This week we celebrated Thanksgiving in New York. I had no idea to expect from this North American holiday. I had been told it was significant, but nothing compares to Christmas in my head…. Right? Kind of wrong.
Thanksgiving was huge. The week leading up to the holiday was like the week before Christmas back home. Supermarkets, food stores and farmers markets overflowing with incredible festive produce from turkeys, to pumpkins, to pies and everything in between. Everyone was stocking up and as we drew closer to the day, people started disappearing from school and the office, as everyone goes home for the holiday (not many people are actually from New York).
I decided to immerse myself in the experience. Despite many locals asking if I would even recognise it, I am all for ‘living like a local’, and, being a resident, I could really sink my teeth into it. A holiday that revolves around food, family and friends is my kind of holiday.
I drew up a menu. Friends would be joining us at our house and I wanted to try many of the local treats I have always heard so much about. Pumpkin pie being one of them.
I picked up the 12-pound turkey from Union Square Farmers Market the day before and learned to ‘brine’ it overnight. Sitting in 2 gallons (8 litres) of water mixed with sugar, salt, molasses and some herbs overnight, is supposed to add flavour and moisture to the bird.
I homemade cranberry sauce, whipped up a pumpkin pie from a recipe I found on one of my favourite local food blogs, made Brussels sprouts with roasted chestnuts and bacon, along with a sweet potato casserole. I didn’t go as far as to make one of their other specialities ‘candied yams’. This is like a sweet potato mixed with brown sugar and butter and topped with marshmallows. I’ll leave you with that image…
What I knew of Thanksgiving involved the Macy’s parade, football and food. And it wasn’t too different. I looked out of our apartment window that morning in Manhattan and found Broadway empty. Not a soul walking or driving down this normally chaotic thoroughfare except for a couple of tourists (they had maps, so it was a pretty good guess).
Everyone was either uptown vying for positions along the famous parade route (which we decided to skip with a 2 year old who has no patience for queuing) or at home with family and friends cooking up a storm.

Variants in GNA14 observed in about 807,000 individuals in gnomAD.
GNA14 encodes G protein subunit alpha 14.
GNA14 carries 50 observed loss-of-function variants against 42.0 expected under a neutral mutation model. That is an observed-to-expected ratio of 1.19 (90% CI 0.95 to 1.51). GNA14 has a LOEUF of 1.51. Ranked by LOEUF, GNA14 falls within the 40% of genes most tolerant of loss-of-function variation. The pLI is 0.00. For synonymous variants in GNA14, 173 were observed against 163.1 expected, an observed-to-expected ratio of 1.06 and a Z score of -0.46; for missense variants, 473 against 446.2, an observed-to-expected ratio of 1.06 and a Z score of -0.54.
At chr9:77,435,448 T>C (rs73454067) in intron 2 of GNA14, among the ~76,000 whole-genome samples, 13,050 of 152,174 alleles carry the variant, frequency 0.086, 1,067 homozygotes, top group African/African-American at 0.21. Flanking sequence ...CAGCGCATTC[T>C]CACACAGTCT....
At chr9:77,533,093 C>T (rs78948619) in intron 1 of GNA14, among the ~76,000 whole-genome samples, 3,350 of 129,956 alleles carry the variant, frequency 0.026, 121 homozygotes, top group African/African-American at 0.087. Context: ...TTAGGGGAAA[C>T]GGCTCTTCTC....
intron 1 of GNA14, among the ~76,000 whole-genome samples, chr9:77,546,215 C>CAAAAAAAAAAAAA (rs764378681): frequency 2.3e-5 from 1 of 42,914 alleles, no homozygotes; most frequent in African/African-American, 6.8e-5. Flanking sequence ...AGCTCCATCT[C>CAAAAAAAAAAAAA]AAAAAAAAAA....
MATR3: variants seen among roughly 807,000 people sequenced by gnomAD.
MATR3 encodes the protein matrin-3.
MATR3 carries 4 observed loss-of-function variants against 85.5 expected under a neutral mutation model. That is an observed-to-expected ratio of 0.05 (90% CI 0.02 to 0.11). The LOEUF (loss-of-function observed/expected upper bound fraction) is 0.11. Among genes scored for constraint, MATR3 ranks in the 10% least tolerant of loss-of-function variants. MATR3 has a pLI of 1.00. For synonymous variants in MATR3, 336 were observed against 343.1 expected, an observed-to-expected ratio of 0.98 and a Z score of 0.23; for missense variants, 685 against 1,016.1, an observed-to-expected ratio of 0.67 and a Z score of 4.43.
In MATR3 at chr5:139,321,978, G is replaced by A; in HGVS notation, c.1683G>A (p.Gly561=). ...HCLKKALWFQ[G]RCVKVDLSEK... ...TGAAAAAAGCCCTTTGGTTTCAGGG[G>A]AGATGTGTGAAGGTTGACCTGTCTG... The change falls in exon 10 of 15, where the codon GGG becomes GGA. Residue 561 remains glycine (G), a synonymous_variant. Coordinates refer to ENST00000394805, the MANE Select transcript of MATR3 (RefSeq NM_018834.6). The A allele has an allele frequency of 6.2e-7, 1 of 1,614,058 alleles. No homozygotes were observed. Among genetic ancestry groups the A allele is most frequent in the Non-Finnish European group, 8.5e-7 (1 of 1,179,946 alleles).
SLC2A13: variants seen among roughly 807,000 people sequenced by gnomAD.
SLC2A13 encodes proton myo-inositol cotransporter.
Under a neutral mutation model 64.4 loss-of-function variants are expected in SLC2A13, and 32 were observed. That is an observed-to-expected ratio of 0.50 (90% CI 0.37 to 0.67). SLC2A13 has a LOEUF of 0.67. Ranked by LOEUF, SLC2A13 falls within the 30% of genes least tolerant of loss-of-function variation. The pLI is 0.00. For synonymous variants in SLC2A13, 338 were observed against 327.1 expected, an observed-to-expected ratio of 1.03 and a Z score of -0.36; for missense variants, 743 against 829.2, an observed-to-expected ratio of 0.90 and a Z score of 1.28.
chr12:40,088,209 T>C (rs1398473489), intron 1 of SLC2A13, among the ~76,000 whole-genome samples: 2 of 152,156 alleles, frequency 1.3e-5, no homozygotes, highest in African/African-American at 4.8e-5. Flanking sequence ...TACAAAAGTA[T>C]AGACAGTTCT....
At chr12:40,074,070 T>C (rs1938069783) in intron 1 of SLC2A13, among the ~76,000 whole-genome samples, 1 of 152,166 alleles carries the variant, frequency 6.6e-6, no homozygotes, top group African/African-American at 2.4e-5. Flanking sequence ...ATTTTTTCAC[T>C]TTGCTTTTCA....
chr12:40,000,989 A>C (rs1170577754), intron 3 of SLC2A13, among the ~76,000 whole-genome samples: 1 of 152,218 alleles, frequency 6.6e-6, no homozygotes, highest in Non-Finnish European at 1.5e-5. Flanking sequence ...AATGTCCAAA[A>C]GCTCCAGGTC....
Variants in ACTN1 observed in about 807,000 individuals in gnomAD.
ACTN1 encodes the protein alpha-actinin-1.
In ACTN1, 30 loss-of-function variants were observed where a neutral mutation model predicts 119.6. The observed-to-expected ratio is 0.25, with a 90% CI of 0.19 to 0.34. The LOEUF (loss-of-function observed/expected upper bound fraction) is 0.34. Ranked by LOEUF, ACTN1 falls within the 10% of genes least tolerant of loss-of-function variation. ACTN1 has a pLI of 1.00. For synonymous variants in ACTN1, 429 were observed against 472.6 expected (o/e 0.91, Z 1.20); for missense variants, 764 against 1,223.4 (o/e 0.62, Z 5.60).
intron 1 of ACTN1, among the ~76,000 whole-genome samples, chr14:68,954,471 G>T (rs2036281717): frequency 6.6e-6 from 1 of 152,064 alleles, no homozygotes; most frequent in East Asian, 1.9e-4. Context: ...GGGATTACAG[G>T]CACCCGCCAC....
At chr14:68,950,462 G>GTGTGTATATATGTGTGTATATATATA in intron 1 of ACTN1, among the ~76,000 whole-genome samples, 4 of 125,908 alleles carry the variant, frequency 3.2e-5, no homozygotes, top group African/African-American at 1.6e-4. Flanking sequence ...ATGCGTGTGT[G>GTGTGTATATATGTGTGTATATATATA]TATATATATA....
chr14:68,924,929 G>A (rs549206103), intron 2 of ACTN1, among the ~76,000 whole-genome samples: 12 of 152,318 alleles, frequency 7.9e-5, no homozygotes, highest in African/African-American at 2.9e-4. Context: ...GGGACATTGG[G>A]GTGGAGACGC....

But the one thing I really enjoyed the most about this holiday? The fact that it is non-commercial (no presents exchanged) and all about giving thanks.
Many households have gratitude jars or thankful plates where guests write down what they are thankful for and share. At my daughter’s preschool all of the kids and their families were invited to add leaves to a cardboard tree, naming what we were grateful for.
And as I sat down at the table, and tucked into the turkey (I highly recommend the brining technique by the way), I realised I was so thankful for the freedom to travel. For the opportunity to be able to sit in New York and experience part of their culture, alongside my family and friends. To share this exciting part of the world with them. To feel welcome.
I have often pinched myself on my travels, and thought about how lucky we are to have these kinds of opportunities. It really hits home when I speak to locals who have never even been outside of their own country and don’t ever envisage an opportunity to do so. The fact that this is possible for my family and I is a privilege.
So this week I gave thanks for this freedom. And I think a little part of me will always ‘give thanks’ at this time of year from now on, no matter where I am. Because these kind of memories travel home and stay with you.